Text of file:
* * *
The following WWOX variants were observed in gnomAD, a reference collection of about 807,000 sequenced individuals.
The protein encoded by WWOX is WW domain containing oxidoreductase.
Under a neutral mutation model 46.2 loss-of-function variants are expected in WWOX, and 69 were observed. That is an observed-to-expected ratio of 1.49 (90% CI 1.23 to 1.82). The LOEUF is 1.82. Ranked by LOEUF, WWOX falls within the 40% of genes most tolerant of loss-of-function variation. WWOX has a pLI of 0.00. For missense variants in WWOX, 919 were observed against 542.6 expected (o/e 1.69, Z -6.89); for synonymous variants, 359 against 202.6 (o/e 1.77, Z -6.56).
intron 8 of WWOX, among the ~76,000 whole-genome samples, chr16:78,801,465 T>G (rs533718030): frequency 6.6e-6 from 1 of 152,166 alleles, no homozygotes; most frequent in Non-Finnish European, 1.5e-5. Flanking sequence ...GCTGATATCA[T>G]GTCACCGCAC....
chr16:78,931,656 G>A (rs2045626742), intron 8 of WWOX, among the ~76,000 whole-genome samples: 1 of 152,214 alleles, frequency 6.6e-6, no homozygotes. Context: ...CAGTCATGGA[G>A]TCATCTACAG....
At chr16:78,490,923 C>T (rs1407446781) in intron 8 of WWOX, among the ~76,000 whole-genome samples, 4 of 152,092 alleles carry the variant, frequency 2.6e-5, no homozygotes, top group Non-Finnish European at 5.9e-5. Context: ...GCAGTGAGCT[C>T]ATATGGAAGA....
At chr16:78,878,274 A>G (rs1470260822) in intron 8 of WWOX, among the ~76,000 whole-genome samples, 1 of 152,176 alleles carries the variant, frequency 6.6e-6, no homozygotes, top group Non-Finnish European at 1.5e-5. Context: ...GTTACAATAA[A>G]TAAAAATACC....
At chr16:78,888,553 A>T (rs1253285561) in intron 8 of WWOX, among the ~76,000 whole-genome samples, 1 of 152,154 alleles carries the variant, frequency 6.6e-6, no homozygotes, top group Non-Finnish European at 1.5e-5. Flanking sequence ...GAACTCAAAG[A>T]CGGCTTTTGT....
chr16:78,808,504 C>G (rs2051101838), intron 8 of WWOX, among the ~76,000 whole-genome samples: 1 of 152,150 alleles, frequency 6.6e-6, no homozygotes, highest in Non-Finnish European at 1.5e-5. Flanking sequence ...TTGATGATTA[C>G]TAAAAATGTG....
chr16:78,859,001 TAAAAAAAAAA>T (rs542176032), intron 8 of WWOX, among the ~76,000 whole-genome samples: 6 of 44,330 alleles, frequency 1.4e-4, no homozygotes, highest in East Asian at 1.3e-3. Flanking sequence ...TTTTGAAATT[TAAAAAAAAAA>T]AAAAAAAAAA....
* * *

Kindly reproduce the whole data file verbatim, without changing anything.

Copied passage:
The following WWOX variants were observed in gnomAD, a reference collection of about 807,000 sequenced individuals.
The protein encoded by WWOX is WW domain containing oxidoreductase.
Under a neutral mutation model 46.2 loss-of-function variants are expected in WWOX, and 69 were observed. That is an observed-to-expected ratio of 1.49 (90% CI 1.23 to 1.82). The LOEUF is 1.82. Ranked by LOEUF, WWOX falls within the 40% of genes most tolerant of loss-of-function variation. WWOX has a pLI of 0.00. For missense variants in WWOX, 919 were observed against 542.6 expected (o/e 1.69, Z -6.89); for synonymous variants, 359 against 202.6 (o/e 1.77, Z -6.56).
intron 8 of WWOX, among the ~76,000 whole-genome samples, chr16:78,801,465 T>G (rs533718030): frequency 6.6e-6 from 1 of 152,166 alleles, no homozygotes; most frequent in Non-Finnish European, 1.5e-5. Flanking sequence ...GCTGATATCA[T>G]GTCACCGCAC....
chr16:78,931,656 G>A (rs2045626742), intron 8 of WWOX, among the ~76,000 whole-genome samples: 1 of 152,214 alleles, frequency 6.6e-6, no homozygotes. Context: ...CAGTCATGGA[G>A]TCATCTACAG....
At chr16:78,490,923 C>T (rs1407446781) in intron 8 of WWOX, among the ~76,000 whole-genome samples, 4 of 152,092 alleles carry the variant, frequency 2.6e-5, no homozygotes, top group Non-Finnish European at 5.9e-5. Context: ...GCAGTGAGCT[C>T]ATATGGAAGA....
At chr16:78,878,274 A>G (rs1470260822) in intron 8 of WWOX, among the ~76,000 whole-genome samples, 1 of 152,176 alleles carries the variant, frequency 6.6e-6, no homozygotes, top group Non-Finnish European at 1.5e-5. Context: ...GTTACAATAA[A>G]TAAAAATACC....
At chr16:78,888,553 A>T (rs1253285561) in intron 8 of WWOX, among the ~76,000 whole-genome samples, 1 of 152,154 alleles carries the variant, frequency 6.6e-6, no homozygotes, top group Non-Finnish European at 1.5e-5. Flanking sequence ...GAACTCAAAG[A>T]CGGCTTTTGT....
chr16:78,808,504 C>G (rs2051101838), intron 8 of WWOX, among the ~76,000 whole-genome samples: 1 of 152,150 alleles, frequency 6.6e-6, no homozygotes, highest in Non-Finnish European at 1.5e-5. Flanking sequence ...TTGATGATTA[C>G]TAAAAATGTG....
chr16:78,859,001 TAAAAAAAAAA>T (rs542176032), intron 8 of WWOX, among the ~76,000 whole-genome samples: 6 of 44,330 alleles, frequency 1.4e-4, no homozygotes, highest in East Asian at 1.3e-3. Flanking sequence ...TTTTGAAATT[TAAAAAAAAAA>T]AAAAAAAAAA....